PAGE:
HIGH COUNTRY— Cicadas are appearing along the East Coast as Brood X emerges for the first time in the past 17 years. While the cicadas that sing in the trees each year during the summer come annually, there are a variety of cicadas that emerge cyclically, skipping years and some, like Brood X, only returning after nearly two decades.
Dr. Clare Scott-Chialvo, professor of entomology and evolutionary biology, and Dr. Pablo Chialvo, lecturer of biology, both at Appalachian State University, said that Brood X, also known as Brood 10 or the Great Eastern Brood, is just one of 15 periodic cicadas in the United States. They note that in the mountains of western North Carolina, the region has also seen Brood XIV which last emerged in 2008 and will emerge again in 2025, and Brood IX which last emerged in 2020 and will return in 2037.
Chialvo-Scott and Chialvo said that one theory of why these cicadas emerge each 17 years is that it “minimizes the probability of encountering predators upon emergence.” For example, they noted, “If a predator has a life cycle of one, two, six, nine, or 18 years, the adults will overlap at the right time to each of the cicadas,” however, with a 17-year cycle cicadas will encounter fewer predators whose reproductive cycle syncs up with that of the cicadas.
According to Chialvo-Scott and Chialvo, emerging all at once in overwhelming numbers is a strategy known as “predator station,” in which the cicadas maximize how many individuals will survive and reproduce by having a large population. Mayflies, they said, engage in similar behavior.
Dr. Ray Williams, professor of biology and entomologist at Appalachian State University, said that while it is unlikely western North Carolina will see a large emergence of cicadas this year, the Great Southern Brood (Brood XIX) is expected to return to the High Country in 2024. He said the closest emergence to Boone of Brood X cicadas this year is in Wilkes County.
The number of cicadas can be tracked by documenting the “choruses” of the cicadas, according to Williams. A chorus, he explained, is when the males cicadas “sing” by “pulling a kind of flexible membrane on the side of their body back and forth like a drum. It makes a high pitched sound.”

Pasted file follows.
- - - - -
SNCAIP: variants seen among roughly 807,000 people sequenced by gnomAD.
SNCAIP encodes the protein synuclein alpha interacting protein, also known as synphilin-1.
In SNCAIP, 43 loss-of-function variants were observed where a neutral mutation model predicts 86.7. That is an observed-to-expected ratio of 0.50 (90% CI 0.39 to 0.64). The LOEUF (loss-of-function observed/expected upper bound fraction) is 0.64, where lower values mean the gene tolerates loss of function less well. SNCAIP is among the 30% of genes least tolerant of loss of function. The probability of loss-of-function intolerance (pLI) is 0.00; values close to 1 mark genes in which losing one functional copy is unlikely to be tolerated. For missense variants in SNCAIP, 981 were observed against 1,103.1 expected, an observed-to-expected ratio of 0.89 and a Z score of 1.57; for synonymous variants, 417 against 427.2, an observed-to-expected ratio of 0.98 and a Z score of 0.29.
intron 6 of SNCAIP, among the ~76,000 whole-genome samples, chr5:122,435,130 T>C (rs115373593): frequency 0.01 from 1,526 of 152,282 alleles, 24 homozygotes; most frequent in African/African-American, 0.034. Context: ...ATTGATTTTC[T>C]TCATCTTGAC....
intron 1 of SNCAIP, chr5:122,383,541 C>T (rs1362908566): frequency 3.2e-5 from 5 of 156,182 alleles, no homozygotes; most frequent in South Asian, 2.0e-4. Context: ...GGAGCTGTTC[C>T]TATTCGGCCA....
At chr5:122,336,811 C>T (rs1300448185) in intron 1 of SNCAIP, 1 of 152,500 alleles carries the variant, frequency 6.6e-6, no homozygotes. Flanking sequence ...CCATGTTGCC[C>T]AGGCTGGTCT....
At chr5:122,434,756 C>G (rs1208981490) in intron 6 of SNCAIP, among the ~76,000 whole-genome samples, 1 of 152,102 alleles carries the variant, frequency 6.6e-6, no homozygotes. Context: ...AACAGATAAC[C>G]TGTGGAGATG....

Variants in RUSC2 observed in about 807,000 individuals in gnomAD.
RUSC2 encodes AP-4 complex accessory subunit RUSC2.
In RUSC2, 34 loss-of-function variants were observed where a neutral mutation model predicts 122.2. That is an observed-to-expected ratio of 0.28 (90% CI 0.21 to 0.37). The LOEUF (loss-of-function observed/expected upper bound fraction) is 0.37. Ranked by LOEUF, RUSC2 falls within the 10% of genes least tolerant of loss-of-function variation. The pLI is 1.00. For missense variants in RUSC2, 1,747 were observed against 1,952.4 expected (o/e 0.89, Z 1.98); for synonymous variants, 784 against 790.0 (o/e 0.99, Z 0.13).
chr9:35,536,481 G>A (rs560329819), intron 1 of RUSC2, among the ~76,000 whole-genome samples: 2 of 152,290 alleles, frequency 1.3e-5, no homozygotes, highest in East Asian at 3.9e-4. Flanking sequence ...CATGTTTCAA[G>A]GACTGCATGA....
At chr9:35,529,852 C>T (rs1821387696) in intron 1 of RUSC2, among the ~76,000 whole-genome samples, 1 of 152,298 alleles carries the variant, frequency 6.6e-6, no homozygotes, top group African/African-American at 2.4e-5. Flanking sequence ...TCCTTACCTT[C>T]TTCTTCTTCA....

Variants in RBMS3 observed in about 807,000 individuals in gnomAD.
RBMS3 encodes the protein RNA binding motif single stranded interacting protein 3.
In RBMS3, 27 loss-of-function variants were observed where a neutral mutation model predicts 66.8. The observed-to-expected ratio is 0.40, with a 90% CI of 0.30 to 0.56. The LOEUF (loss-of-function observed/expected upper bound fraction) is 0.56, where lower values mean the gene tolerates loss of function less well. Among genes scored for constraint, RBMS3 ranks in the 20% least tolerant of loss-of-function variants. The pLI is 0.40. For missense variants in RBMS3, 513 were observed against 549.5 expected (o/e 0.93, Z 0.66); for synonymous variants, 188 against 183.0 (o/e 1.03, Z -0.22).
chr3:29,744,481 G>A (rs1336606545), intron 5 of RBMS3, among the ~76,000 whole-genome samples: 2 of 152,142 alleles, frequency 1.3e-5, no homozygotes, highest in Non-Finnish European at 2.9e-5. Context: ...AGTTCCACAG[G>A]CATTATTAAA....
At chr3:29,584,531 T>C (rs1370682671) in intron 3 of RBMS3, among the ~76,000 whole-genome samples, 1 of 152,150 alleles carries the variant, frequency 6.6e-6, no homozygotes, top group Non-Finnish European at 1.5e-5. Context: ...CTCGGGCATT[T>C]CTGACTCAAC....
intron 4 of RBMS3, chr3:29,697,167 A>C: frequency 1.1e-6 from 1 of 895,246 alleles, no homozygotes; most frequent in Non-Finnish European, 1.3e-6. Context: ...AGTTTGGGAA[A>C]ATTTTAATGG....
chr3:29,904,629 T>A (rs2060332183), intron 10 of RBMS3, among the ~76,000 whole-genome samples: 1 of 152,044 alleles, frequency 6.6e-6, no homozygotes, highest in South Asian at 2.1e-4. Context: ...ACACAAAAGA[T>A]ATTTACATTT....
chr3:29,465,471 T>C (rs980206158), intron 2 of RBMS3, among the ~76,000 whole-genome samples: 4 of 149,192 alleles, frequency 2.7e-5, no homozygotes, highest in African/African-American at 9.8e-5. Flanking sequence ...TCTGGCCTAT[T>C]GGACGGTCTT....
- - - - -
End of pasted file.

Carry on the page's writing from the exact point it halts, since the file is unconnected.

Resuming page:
Williams explained that the male cicadas do this to “produce a sound to attract the females. There can be lots and lots of them and it can be quite loud, and that’s when they’re really noticeable.”
It is easy for the public to notice cicadas, Williams said, because they are large for insects and can grow to “maybe a couple inches long.” Once they emerge, cicadas must replace their old exoskeleton with a new, larger exoskeleton to grow into. Williams said this is why “you often see this kind of weird light brown, almost crispy shell, usually attached to a tree or a plant.” While cicadas may look like locusts to many, they are actually distantly related locusts; rather, froghoppers such as spittlebugs are much more closely related to cicadas according to Scott-Chialvo and Chialvo.
Many insects besides cicadas have long periods of their lives in which they are flightless larvae, known as nymphs, and cicadas are no exception. The periodic 17-year cicadas emerging now, according to Scott-Chialvo and Chialvo, spend about 17 years underground as nymphs and feeding on plant fluids they obtain from roots. They said that cicadas have what are known as “piercing-sucking” mouthparts, which “allow them to (as the name suggests) pierce through roots or stems and suck up plant fluids.” Luckily, these mouths are incapable of biting humans and pets, according to Scott-Chialvo and Chialvo. If a large number of individuals feed on a single young tree, the experts noted that the cicadas could do damage. However, more mature trees will not be affected as much and are unlikely to harm gardens.
Scott-Chialvo and Chialvo recommend not using insecticides, but explain, “If you are worried about young trees, you can wrap them in mesh before emergence to prevent feeding damage.”